SPRINGFIELD — The Illinois Senate voted 43-5 Thursday to kill off a 103-year-old perk, stripping themselves of their ability to hand out free college tuition to students in their districts.

The so-called legislative scholarship program has been under scrutiny for years after some lawmakers doled out their no-strings-attached waivers to the sons and daughters of campaign contributors and to students who live outside of their districts.

The law allowed each member of the General Assembly to give eight individual partial tuition breaks to state universities with no official guidelines for determining whether the students actually need the assistance.

With the state facing major budgetary problems, Senate President John Cullerton, D-Chicago, said it was time for the $13 million program to go.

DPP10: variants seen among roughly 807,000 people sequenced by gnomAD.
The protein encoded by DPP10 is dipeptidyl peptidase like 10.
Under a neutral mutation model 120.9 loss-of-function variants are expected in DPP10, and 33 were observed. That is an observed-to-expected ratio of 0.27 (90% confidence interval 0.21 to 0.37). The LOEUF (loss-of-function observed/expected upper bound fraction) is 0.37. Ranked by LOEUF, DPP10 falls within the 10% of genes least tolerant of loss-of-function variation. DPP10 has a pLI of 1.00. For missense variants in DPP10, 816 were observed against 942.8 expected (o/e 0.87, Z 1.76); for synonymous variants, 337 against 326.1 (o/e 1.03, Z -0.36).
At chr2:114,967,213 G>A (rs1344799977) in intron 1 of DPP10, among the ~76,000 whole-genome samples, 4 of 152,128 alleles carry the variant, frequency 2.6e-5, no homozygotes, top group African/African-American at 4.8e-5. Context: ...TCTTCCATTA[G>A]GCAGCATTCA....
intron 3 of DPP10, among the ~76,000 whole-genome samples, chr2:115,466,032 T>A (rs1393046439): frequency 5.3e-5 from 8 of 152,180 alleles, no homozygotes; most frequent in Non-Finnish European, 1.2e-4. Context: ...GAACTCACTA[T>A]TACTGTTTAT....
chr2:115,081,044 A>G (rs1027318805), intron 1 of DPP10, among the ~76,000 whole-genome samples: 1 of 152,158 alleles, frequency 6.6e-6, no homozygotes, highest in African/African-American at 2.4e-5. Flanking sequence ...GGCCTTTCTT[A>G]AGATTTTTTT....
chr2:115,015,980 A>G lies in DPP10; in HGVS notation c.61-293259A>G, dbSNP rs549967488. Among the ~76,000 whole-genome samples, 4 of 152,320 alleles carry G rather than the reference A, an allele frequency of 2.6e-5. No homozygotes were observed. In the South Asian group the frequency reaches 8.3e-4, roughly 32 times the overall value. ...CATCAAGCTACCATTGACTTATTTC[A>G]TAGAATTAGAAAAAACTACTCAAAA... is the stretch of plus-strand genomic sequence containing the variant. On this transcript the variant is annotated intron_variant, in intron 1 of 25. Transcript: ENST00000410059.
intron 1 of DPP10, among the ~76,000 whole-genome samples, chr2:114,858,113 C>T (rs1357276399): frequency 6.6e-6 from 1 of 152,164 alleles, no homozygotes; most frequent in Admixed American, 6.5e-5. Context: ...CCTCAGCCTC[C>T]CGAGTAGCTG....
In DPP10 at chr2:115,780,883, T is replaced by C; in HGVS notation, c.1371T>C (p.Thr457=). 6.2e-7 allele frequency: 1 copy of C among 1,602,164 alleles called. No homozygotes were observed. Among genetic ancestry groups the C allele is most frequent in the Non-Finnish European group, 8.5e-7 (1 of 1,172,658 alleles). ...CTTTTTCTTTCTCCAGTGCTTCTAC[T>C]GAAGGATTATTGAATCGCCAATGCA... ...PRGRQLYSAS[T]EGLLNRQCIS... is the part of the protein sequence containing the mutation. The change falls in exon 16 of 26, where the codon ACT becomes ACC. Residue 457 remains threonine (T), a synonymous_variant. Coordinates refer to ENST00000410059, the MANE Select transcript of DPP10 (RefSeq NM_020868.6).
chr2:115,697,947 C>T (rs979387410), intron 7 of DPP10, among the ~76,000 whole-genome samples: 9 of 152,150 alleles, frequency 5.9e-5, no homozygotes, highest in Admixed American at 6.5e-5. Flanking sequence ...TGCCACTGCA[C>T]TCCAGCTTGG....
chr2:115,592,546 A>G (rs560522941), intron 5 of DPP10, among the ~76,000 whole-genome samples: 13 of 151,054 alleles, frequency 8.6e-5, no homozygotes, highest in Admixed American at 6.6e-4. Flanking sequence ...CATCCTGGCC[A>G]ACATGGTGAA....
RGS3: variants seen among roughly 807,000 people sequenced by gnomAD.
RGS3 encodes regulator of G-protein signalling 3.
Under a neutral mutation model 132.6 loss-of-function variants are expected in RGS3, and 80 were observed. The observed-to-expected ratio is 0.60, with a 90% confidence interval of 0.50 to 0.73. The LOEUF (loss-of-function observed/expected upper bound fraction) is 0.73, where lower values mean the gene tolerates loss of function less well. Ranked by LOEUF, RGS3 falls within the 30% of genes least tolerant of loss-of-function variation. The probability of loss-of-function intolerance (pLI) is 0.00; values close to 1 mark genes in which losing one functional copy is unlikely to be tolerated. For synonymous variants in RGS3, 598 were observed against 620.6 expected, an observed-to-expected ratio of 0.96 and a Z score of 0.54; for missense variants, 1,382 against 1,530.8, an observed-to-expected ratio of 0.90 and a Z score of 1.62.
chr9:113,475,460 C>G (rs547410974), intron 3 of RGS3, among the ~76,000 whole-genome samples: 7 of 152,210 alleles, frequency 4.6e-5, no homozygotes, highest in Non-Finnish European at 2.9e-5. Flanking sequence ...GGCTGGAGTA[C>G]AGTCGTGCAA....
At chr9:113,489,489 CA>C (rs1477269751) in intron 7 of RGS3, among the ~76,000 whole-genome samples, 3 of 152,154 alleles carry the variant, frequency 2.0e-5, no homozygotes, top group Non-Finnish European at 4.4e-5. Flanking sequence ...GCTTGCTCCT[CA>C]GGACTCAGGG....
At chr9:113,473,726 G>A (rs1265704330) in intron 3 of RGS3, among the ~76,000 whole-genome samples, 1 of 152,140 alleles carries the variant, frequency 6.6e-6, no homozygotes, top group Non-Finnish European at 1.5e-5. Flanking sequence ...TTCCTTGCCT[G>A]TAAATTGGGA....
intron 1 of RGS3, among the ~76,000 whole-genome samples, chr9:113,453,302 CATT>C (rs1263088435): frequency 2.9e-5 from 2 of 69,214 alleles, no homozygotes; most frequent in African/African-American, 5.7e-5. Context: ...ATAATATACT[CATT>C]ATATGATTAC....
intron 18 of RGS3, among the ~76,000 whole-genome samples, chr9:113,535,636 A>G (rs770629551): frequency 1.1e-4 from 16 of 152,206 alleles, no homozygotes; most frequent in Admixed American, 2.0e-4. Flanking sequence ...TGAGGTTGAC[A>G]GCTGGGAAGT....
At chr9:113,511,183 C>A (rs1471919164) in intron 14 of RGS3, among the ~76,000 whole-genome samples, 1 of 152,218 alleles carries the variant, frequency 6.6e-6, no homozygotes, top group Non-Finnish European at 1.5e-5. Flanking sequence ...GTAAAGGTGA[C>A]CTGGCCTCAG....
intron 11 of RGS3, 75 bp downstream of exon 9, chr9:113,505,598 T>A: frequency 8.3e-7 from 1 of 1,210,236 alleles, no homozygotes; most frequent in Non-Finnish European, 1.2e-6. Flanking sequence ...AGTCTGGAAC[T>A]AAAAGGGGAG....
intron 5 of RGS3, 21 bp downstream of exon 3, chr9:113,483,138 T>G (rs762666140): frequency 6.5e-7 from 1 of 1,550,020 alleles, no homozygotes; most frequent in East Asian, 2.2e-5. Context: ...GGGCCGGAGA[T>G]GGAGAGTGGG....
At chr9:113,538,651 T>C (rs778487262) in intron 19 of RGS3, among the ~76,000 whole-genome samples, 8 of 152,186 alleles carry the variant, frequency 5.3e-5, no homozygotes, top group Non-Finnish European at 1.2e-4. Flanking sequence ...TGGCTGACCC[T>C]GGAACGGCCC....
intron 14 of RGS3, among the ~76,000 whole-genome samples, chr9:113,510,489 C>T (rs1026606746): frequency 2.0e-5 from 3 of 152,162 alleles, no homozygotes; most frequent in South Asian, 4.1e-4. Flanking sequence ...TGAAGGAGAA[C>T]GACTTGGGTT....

“There were abuses,” Cullerton said. “Everyone knows what a distraction this is.”

Republicans, who had stopped handing out the scholarships, praised the legislation.

“It is time we step up and do what’s right,” said Sen. Kirk Dillard, R-Hinsdale. “Nothing in life is free.”

Supporters of the program said a few examples of problems shouldn’t result in its complete elimination.

“I think this is a travesty for the governor to take scholarships away from people who truly need them,” Sen. Kimberly Lightford, D-Maywood, said.

The legislation also creates a special task force to investigate the more than $356 million in tuition and fee waivers that are handed out by universities each year.

The legislation now heads back to the House for further action. Gov. Pat Quinn has said he will sign the bill.

The legislation is House Bill 3810.